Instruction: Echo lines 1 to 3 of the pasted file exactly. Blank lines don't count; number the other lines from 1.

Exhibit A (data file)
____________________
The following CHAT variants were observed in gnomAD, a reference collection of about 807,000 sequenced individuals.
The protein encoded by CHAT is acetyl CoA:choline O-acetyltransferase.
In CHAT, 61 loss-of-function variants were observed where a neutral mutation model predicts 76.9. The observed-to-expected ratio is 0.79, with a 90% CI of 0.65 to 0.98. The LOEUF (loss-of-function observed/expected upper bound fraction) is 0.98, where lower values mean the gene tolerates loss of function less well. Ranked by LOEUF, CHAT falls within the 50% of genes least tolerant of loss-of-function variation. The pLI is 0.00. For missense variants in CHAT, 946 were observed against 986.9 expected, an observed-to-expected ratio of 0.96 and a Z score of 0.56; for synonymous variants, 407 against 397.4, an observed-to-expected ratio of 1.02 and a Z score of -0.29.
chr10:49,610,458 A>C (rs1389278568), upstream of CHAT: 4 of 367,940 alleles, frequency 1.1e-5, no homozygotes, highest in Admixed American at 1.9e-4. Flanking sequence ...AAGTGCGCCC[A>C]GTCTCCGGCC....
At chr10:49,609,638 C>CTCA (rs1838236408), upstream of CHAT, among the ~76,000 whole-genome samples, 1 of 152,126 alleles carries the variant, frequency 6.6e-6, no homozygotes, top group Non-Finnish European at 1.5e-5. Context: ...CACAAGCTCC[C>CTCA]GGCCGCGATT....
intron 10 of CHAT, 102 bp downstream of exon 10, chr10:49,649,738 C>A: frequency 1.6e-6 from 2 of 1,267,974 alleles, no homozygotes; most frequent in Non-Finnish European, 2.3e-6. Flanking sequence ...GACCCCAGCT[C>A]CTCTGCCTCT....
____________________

The following CHAT variants were observed in gnomAD, a reference collection of about 807,000 sequenced individuals.
The protein encoded by CHAT is acetyl CoA:choline O-acetyltransferase.
In CHAT, 61 loss-of-function variants were observed where a neutral mutation model predicts 76.9. The observed-to-expected ratio is 0.79, with a 90% CI of 0.65 to 0.98. The LOEUF (loss-of-function observed/expected upper bound fraction) is 0.98, where lower values mean the gene tolerates loss of function less well. Ranked by LOEUF, CHAT falls within the 50% of genes least tolerant of loss-of-function variation. The pLI is 0.00. For missense variants in CHAT, 946 were observed against 986.9 expected, an observed-to-expected ratio of 0.96 and a Z score of 0.56; for synonymous variants, 407 against 397.4, an observed-to-expected ratio of 1.02 and a Z score of -0.29.